Manufacturing Bits: May 19


Virus simulations Using an advanced building simulator and testbed, Lawrence Berkeley National Laboratory (Berkeley Lab) is launching a study of the risk of airborne transmission of viruses in buildings. Researchers will also explore the ways to mitigate those risks. The experiments will take place in Berkeley Lab’s FLEXLAB, which is an advanced building simulator. Used by builders, archi... » read more

Manufacturing Bits: May 11


Covid-19 data mining Using machine learning and other technologies, Lawrence Berkeley National Laboratory (Berkeley Lab) has developed a data text-mining tool to help synthesize a growing amount of scientific literature on Covid-19. Each day, some 200 new journal articles are being published on the coronavirus alone, according to Berkeley Lab. Berkeley Lab’s data mining tool, which is liv... » read more

Manufacturing Bits: Oct. 29


Searching for dark energy The first tests have been conducted on a new cosmic cartography system that will soon search for dark energy and galaxies in the universe. The system, called the Dark Energy Spectroscopic Instrument (DESI), is a complex unit with 5,000 fiber-optic eyes. The DESI system is mounted on top of the 4-meter Mayall Telescope at the Kitt Peak National Observatory in Ariz... » read more

Manufacturing Bits: June 13


FeFET biz heats up The ferroelectric FET (FeFET) market is heating up. One company, Ferroelectric Memory Co. (FMC), has been developing FeFETs, a new memory type for use in standalone and embedded applications. Now, Imec is also developing FeFETs in both planar and vertical varieties. [caption id="attachment_147967" align="alignleft" width="239"] Imec's FeFET (Source: Imec)[/caption] ... » read more

Power/Performance Bits: May 24


Reducing MRAM chip area Researchers from Tohoku University developed a technology to stack magnetic tunnel junctions (MTJ) directly on the via without causing deterioration to its electric/magnetic characteristics. The team focused on reducing the memory cell area of spin-transfer torque magnetic random access memory (STT-MRAM) in order to lower manufacturing costs, making them more compe... » read more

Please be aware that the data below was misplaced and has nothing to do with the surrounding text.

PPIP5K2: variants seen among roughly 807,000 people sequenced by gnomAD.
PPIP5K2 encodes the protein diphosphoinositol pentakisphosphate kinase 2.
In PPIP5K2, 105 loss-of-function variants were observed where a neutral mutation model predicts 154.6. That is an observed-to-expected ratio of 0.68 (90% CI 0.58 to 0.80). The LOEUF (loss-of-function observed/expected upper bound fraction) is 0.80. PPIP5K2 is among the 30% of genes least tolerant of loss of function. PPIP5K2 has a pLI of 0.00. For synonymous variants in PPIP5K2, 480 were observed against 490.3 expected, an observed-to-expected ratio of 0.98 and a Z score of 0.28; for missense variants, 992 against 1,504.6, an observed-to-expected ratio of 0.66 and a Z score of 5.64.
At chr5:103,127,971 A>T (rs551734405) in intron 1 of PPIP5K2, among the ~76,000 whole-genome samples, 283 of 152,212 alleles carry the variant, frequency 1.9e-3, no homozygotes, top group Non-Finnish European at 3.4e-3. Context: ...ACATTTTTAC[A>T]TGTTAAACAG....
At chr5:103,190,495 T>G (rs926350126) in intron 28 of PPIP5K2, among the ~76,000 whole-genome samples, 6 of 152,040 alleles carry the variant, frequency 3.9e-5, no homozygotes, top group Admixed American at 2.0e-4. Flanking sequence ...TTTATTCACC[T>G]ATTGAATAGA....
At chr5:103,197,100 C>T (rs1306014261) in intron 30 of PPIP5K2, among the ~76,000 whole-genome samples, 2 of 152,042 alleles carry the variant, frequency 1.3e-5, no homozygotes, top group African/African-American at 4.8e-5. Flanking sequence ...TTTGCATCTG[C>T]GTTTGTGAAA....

Manufacturing Bits: April 26


Multi-beam inspection For some time, Singaporean startup Maglen has been developing a multi-beam e-beam inspection tool technology. Now, Maglen has reached two milestones. First, it has devised a full column test stand. The test stand includes a mechanical column and software. The second milestone is also significant. “We also dropped our beam and obtained our very first images,” sai... » read more

System Bits: April 5


Encoding electrons with valleytronics Researchers at the U.S. Department of Energy’s Lawrence Berkeley National Laboratory (Berkeley Lab) have developed a new type of electronics that could lead to faster and more efficient computer logic systems and data storage chips in next-generation devices that they refer to as “valleytronics.” Specifically, the team has experimentally demonstra... » read more

Manufacturing Bits: March 1


Gravitational-wave observatories India has approved the construction of the world’s third gravitational-wave observatory. This facility will replicate the two Laser Interferometer Gravitational-wave Observatories (LIGOs) in the United States, which recently detected the world's first gravitational waves. The Indian project, dubbed LIGO-India, is expected to go online in 2023. The effort b... » read more

Power/Performance Bits: Nov. 17


Speeding up optical networks A tunable filter for high-capacity optical networks that can be integrated onto a photonic chip has been designed by researchers at the Université Laval in Québec, Canada. The device's performance is comparable to the best bench-top systems, according to the reasearchers, but at a fraction of the size and cost. The filter's tuning span, which is a measure of... » read more

System Bits: Sept. 22


Scaling up production of thin electronic materials With potential application in future spintronics applications, among other things, a team led by MIT researchers have developed a way to make large sheets of molybdenum telluride (MoTe2) and other materials like graphene that hold promise for electronic, optical, and other high-tech applications. The team — which includes MIT postdoc Lin ... » read more

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